Message to the Congress Transmitting Annual Manpower Report of the President.
To the Congress of the United States:
As required by section 107 of the Manpower Development and Training Act of 1962, as amended, and by section 605 of the Comprehensive Employment and Training Act of 1973, I am sending to Congress the twelfth annual Manpower Report of the President.
When I signed the CETA into law on December 28, 1973, I expressed considerable gratification with the new legislation, noting that it represented "a significant shift in intergovernmental responsibilities." The Manpower Report I am sending you today provides important new information concerning the step-by-step implementation of this long-needed transfer of manpower program planning and design responsibilities to units of government which are best equipped to measure and meet local needs. From now on, State and local governments will be able to decide for themselves what kind of manpower services they require, for how long and in what quantity--and I am convinced that they will be able to provide such services more efficiently and more promptly than was possible under the preceding system of federally-managed categorical programs.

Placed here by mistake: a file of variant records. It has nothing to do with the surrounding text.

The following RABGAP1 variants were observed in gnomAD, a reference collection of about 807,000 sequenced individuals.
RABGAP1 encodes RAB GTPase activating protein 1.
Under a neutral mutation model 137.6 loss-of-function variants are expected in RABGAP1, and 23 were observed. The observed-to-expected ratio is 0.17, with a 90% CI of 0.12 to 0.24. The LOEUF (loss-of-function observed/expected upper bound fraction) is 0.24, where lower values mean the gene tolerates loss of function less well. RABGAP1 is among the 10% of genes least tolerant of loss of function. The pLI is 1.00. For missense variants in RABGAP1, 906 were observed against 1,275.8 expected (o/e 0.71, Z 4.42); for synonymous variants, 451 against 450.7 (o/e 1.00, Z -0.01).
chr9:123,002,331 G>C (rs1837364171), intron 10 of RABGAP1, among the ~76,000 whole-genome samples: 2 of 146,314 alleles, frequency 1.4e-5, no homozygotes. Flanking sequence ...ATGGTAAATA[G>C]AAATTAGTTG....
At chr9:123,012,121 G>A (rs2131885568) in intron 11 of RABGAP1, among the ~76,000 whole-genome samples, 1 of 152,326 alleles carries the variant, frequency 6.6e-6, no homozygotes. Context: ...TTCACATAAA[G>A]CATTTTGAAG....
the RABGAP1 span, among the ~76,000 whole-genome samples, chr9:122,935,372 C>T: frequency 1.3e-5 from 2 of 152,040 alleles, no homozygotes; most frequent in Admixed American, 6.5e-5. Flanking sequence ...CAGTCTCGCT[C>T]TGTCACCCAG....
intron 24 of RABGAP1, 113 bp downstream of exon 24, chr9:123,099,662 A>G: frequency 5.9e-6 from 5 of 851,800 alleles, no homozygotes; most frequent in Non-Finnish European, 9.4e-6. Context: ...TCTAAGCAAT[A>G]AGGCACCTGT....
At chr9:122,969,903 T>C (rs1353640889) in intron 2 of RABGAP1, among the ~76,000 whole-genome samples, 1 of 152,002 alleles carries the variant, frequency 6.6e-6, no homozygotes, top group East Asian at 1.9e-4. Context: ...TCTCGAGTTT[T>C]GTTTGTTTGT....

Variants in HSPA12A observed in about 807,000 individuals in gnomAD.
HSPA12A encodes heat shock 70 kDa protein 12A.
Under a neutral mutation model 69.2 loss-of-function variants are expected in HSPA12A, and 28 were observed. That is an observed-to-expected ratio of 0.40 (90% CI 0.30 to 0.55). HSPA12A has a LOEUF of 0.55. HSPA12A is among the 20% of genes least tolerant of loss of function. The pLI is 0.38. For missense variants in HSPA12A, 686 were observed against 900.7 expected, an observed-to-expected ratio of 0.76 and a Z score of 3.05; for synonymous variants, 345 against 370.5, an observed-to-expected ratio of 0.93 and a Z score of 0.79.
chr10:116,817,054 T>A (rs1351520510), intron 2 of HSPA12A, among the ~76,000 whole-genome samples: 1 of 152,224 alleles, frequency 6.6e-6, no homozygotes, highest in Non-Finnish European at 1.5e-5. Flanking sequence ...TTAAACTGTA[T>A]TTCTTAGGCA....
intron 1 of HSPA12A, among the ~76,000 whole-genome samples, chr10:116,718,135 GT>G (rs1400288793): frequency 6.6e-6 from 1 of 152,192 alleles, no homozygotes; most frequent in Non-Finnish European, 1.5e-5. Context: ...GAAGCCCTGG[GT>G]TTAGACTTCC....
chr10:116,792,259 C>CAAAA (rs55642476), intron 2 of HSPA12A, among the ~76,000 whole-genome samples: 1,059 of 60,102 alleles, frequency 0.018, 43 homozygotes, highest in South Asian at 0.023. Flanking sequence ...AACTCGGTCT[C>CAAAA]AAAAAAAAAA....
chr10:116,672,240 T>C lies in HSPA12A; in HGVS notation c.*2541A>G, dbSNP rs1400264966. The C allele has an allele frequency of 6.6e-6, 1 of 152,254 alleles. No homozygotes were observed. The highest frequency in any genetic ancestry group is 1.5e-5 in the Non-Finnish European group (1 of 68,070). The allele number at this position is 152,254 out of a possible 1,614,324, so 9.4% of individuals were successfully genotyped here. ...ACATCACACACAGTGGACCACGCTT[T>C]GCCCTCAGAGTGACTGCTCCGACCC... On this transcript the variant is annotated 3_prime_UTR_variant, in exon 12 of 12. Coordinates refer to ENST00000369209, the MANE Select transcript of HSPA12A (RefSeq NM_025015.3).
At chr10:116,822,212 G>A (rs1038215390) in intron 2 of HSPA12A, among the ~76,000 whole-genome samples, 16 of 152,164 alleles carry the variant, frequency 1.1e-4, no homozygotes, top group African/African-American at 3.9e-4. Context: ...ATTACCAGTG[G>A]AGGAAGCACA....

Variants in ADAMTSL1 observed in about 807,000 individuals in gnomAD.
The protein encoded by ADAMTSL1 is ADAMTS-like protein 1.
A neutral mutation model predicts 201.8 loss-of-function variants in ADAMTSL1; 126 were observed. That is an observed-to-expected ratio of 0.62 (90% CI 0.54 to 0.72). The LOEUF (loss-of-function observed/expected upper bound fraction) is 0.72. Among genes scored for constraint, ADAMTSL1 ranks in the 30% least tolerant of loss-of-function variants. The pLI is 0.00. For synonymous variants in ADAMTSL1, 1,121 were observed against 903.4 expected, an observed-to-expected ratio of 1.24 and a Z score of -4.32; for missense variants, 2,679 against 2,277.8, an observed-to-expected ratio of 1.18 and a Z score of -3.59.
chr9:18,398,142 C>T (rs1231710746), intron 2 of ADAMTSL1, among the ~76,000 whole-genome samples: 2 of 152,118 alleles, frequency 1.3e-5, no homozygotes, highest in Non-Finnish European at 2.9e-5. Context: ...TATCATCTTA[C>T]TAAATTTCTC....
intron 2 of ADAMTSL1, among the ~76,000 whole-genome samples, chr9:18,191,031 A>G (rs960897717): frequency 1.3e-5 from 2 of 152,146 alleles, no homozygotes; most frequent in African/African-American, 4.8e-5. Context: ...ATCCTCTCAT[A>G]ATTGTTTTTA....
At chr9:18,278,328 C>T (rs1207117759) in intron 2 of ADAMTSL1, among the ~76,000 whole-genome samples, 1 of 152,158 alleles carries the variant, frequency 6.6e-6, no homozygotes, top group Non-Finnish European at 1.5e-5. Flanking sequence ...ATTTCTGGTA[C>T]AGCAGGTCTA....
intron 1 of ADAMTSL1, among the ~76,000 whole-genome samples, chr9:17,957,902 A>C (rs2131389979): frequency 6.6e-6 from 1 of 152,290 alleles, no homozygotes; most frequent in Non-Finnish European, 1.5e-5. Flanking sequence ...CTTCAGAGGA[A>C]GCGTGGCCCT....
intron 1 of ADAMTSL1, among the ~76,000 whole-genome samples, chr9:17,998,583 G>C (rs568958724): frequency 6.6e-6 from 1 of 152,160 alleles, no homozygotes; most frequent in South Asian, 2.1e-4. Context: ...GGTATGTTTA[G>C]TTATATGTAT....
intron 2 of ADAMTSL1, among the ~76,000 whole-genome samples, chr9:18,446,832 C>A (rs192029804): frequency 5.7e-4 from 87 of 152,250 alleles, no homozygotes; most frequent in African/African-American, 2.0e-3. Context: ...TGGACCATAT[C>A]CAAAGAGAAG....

Among other important topics discussed in this report is the energy shortage and the measures taken by the Department of Labor and other agencies of Government to minimize the temporary disruptions of the labor market caused by the energy crisis. The report reveals that, in spite of these disruptions, 1973 was a good year for labor. The number of those employed as of December numbered nearly 86 million. In the past 2 years alone, over 4. 1 million Americans entered the labor force, including significant numbers of women and younger workers. While the unemployment rate has moved upward temporarily after many months of steady decline, we should not overlook the sizable increases during the same time-span in the number of new jobs and newly employed Americans.
For the convenience of the Congress, this edition of the Manpower Report brings together in one volume an overview of numerous manpower activities carried out under separate legislative mandates.
The White House,
April 22, 1974.
Note: The message is printed in the report entitled "Manpower Report of the President-Including Reports by the U.S. Department of Labor and the U.S. Department of Health, Education, and Welfare, Transmitted to the Congress April 1974" (Government Printing Office, 387 PP.).
Richard Nixon, Message to the Congress Transmitting Annual Manpower Report of the President. Online by Gerhard Peters and John T. Woolley, The American Presidency Project https://www.presidency.ucsb.edu/node/256428